In almost twenty years of helping people and organisations with their brands, I have struggled to find a definition of a brand that I was comfortable with.
The problem was that I had been searching for a couple of sentences or a paragraph at most that would sum up what a brand is. Surely one existed that I could use in my discourse with clients?
Of course, there are hundreds of definitions available in dictionaries or from branding agencies. The problem is that they’re either too narrow or too broad and tend to focus on the various tangible elements such as visual design or product design.
In our never-ending quest for brevity exacerbated by limited character use in social media and the insistence that we all devise an ‘elevator pitch’ so we can sell to people before they reach the 7th floor, I’ve realised that I wasn’t thinking about it the right way.
Finding a definition of ‘brand’ is like asking what the meaning of life is.
So my search for a few words that provide a pithy and succinct explanation of brand has been futile.
So here’s my definition of a brand that will free you to focus on what you need to do to achieve a brand you want.
A brand is what the public, your clients, your prospective customers and the world at large know to be true about you, your products or your services.
They know this to be true because of what they hear about you, what they see of you, what they’ve read about you and what they have personally experienced.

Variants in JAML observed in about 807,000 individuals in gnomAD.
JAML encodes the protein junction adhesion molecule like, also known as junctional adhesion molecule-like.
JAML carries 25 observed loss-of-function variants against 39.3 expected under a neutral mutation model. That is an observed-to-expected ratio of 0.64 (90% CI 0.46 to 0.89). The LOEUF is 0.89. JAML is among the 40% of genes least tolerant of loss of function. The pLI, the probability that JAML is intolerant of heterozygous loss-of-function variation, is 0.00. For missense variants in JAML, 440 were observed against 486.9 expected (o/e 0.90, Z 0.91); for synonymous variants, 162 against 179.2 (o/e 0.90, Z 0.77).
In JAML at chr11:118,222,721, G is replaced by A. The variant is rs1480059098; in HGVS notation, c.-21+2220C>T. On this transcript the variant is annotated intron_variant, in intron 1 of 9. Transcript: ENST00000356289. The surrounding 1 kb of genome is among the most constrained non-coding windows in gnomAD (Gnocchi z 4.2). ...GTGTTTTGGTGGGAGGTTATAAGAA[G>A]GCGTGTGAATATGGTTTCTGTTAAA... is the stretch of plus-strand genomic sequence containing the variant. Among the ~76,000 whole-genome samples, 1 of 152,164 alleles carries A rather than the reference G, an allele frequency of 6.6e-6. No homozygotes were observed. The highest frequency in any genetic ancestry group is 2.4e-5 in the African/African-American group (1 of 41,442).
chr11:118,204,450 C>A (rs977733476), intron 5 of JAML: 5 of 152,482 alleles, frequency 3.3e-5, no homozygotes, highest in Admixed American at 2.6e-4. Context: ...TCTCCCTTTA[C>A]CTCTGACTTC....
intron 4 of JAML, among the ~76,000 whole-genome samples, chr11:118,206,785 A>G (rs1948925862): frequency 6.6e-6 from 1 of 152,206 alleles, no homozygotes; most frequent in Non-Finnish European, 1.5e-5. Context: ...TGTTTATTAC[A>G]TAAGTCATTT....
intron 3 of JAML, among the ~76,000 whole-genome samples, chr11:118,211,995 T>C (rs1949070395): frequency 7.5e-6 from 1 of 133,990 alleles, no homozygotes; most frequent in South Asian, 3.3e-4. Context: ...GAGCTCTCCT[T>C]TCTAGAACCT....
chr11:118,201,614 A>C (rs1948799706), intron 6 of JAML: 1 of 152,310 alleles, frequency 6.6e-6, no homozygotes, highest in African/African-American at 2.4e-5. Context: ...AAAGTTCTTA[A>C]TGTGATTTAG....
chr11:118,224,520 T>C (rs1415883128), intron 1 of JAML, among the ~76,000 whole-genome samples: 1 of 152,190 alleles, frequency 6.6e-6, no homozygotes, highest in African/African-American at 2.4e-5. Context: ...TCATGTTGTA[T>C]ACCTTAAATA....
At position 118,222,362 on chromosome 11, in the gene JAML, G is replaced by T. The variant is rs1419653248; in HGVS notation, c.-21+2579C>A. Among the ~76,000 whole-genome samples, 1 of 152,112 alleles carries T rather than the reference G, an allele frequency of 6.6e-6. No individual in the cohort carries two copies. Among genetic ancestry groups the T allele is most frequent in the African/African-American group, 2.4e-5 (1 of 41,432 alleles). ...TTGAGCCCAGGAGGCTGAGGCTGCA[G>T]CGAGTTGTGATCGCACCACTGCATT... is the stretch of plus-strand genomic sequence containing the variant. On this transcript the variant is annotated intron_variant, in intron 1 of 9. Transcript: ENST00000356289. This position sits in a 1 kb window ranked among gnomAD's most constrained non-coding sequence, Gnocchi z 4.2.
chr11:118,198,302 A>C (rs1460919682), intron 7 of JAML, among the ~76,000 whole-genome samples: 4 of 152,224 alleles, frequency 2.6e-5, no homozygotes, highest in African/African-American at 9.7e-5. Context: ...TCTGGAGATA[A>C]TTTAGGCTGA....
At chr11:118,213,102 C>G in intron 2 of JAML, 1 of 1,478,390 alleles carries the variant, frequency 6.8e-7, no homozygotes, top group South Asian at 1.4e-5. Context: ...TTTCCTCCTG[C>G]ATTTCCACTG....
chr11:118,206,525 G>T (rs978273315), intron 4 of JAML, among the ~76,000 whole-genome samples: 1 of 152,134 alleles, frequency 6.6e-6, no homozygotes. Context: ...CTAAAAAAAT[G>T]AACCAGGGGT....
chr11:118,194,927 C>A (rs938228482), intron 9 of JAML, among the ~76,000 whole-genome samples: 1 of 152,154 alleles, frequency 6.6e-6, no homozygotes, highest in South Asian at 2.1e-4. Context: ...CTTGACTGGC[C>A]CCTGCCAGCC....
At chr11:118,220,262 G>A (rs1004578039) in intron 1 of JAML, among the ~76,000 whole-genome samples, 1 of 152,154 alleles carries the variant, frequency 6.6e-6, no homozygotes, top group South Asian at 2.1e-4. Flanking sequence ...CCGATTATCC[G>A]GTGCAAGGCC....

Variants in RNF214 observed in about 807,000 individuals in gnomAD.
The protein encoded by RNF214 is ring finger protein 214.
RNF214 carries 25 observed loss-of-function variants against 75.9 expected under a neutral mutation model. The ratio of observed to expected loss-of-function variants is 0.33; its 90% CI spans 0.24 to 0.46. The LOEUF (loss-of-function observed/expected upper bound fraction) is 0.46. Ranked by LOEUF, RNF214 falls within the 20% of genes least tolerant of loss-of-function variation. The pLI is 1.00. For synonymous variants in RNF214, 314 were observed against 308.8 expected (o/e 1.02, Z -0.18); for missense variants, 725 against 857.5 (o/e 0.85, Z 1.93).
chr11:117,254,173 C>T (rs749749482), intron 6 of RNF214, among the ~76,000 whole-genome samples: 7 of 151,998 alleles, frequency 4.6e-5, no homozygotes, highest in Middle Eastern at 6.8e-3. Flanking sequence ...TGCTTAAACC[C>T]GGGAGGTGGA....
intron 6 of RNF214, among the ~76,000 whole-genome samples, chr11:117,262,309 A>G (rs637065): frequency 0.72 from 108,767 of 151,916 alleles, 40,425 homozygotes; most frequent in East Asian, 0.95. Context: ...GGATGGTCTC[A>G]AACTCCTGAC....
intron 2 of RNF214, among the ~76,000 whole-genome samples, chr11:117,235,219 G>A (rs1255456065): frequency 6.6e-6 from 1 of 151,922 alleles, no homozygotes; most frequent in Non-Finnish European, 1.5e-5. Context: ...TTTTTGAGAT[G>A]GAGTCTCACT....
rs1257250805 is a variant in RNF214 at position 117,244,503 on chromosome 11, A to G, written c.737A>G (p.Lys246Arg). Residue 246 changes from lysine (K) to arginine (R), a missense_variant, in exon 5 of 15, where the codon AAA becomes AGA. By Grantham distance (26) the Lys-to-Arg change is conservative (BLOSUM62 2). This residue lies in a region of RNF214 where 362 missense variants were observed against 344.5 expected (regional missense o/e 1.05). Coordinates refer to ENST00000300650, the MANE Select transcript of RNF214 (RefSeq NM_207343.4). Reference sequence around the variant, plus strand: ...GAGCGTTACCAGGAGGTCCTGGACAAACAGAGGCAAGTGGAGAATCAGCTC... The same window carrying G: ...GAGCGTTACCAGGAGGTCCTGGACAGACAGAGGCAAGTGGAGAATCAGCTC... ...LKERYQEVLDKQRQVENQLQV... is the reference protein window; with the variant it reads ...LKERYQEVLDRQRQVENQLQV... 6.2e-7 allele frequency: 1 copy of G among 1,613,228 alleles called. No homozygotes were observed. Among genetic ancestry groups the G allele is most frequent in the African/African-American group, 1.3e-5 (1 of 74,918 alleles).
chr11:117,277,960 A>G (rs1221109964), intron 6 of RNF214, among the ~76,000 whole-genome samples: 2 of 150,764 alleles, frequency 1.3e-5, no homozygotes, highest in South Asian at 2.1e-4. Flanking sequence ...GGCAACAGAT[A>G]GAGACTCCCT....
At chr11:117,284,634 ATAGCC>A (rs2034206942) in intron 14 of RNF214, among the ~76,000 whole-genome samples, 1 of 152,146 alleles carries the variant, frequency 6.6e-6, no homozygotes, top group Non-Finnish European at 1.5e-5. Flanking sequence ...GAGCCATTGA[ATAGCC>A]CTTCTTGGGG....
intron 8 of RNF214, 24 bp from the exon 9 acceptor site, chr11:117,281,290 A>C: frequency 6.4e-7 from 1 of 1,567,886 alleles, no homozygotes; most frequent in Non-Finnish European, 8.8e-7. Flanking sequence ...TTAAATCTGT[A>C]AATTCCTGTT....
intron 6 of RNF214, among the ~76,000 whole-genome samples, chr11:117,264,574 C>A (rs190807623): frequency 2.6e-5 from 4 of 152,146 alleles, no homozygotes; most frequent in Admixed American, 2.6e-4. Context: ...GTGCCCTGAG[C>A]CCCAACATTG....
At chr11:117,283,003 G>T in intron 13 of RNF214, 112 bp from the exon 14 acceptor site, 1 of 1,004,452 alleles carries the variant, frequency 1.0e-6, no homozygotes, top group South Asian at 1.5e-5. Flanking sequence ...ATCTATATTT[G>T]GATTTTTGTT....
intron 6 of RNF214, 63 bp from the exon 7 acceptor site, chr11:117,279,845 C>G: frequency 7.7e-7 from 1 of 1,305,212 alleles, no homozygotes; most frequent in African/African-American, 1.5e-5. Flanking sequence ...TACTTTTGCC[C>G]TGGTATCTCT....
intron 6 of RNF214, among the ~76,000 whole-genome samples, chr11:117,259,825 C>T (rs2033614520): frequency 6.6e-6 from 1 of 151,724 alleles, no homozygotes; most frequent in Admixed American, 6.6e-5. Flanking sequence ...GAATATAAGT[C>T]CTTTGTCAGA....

It’s as simple as that. Forget logos. Forget taglines. Forget websites. Forget colour schemes. A brand is neither a single issue or superficial concern.
Relevant and useful brands are built on habits, actions, behaviours and guides decision making.
Once you come to terms with that definition the sooner you can start taking effective action to influence how people think about you, and more importantly, determine how you need them to think about you so you can generate revenue.
A brand is something that is owned in the minds of your audience. A brand is a destination. You don’t own the destination; however, you can influence how people get there. It’s your job to point them in the right direction.
Once you change how you think about a brand, you can begin to make better decisions on how you can influence your market. Achieving real influence that can impact your price point is the tricky bit.
Moreover, that’s why I struggled with a definition of a brand for so many years because in helping my clients I wasn’t providing them with a ‘brand’ at all.
What I have done in every situation is to determine what actions need to be taken to influence how their market thinks about my client - making it easier for them to sell and easier to maintain revenue streams.
Some were starting from scratch. Some had established brands that were over 100 years old which took much effort to change how people thought about them. Every situation required a different approach.
Countless influencing factors are constantly shifting in your market that will change how your target audience and the broader community perceive you, your product or your service.
A new entrant to your market or an existing competitor changing their offering or strategy will affect your comparative value.
An established business that implements new visual branding can either reinvigorate interest or attract cynicism. Is it signalling real change or is it just a facade? Either scenario presents an opportunity for you to make positive changes.
Branding is all about influence, not control. You can’t force people to buy from you, so you cannot expect a brand strategy that is not supported by required behaviours and actions to foster a desirable operational culture.
A brand strategy must be all-encompassing if